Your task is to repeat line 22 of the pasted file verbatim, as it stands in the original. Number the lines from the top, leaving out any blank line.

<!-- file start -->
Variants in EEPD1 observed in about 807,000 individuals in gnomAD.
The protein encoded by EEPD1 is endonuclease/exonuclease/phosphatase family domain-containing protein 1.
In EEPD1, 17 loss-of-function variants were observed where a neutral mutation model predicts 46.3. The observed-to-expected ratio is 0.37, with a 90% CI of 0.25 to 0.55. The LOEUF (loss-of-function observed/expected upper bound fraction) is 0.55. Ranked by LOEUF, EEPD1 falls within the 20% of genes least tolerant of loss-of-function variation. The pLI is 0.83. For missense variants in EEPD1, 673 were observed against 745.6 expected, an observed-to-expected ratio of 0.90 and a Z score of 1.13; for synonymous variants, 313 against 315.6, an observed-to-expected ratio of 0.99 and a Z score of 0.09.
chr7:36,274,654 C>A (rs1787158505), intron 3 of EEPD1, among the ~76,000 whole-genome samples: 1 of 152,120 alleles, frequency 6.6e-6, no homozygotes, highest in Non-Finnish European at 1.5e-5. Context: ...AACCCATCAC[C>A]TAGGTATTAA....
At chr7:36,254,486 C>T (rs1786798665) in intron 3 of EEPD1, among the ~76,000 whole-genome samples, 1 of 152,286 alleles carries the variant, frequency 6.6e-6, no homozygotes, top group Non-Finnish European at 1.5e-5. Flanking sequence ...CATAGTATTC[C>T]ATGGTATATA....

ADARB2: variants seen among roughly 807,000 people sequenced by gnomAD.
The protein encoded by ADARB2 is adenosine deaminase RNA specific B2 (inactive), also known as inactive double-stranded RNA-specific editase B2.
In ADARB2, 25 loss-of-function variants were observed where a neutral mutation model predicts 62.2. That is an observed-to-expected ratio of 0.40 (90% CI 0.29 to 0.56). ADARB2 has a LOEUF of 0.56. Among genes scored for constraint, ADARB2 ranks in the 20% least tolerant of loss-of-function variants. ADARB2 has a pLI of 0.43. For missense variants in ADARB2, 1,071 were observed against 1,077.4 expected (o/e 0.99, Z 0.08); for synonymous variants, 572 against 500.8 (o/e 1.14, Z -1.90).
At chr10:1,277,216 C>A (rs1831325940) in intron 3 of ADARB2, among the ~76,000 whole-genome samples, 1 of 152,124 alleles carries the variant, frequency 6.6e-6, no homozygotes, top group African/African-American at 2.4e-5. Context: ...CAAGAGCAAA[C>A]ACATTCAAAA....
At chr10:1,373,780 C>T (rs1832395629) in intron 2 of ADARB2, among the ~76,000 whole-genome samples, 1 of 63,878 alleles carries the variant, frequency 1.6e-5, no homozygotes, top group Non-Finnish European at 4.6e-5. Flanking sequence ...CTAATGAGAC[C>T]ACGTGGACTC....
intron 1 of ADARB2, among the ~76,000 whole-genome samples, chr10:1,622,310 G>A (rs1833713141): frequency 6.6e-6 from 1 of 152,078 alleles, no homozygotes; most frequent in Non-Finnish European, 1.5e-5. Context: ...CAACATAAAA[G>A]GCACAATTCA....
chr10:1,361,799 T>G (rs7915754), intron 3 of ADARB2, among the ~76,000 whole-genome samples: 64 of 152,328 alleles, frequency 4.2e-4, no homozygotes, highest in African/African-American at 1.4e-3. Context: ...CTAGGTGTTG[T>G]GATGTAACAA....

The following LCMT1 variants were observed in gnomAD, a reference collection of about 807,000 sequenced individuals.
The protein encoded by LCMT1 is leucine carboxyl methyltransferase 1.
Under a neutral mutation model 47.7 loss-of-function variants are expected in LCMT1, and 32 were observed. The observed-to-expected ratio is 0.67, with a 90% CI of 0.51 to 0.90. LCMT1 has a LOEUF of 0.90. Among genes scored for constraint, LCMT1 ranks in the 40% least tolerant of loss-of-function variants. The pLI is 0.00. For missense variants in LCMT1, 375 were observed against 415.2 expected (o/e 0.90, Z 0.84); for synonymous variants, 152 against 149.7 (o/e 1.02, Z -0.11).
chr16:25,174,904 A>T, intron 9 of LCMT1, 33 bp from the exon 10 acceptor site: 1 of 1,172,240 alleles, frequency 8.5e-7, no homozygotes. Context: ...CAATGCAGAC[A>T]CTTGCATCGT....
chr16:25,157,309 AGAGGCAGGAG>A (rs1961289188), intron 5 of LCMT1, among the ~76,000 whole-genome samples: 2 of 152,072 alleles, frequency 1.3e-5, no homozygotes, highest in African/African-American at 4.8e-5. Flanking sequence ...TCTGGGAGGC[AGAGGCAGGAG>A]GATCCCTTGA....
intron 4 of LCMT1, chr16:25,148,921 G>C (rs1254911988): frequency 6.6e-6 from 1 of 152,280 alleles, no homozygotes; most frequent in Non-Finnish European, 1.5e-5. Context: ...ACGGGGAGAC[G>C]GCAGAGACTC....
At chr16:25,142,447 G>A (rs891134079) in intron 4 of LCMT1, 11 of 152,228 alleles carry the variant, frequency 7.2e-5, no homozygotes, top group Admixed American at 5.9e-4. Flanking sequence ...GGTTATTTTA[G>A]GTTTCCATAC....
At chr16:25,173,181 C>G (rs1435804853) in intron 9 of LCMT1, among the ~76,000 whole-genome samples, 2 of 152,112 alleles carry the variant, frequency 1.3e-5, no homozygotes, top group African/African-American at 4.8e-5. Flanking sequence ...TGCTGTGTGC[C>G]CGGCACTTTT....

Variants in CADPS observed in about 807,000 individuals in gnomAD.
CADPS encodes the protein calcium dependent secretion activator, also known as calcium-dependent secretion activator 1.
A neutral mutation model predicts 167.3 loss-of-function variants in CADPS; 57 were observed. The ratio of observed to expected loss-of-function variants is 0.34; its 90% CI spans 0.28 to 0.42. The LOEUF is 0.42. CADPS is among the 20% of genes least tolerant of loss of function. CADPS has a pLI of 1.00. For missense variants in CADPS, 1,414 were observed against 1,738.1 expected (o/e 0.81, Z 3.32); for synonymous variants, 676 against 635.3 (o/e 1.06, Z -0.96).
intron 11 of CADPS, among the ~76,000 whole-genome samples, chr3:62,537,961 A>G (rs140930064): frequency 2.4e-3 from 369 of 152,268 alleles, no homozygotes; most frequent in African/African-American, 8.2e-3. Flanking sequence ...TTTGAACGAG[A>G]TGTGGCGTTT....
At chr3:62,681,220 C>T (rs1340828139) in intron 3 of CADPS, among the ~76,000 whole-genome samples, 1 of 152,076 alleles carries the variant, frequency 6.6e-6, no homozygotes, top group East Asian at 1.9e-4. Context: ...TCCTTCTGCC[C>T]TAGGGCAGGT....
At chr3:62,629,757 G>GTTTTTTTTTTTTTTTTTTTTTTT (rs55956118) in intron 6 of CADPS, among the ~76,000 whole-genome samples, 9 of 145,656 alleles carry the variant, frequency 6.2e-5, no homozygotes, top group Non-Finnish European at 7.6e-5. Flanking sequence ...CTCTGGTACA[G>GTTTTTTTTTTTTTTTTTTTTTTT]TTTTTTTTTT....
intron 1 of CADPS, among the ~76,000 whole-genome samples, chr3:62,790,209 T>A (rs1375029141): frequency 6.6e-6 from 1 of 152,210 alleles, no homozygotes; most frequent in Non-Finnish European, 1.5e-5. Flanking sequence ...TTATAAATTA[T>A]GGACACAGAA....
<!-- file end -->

CADPS encodes the protein calcium dependent secretion activator, also known as calcium-dependent secretion activator 1.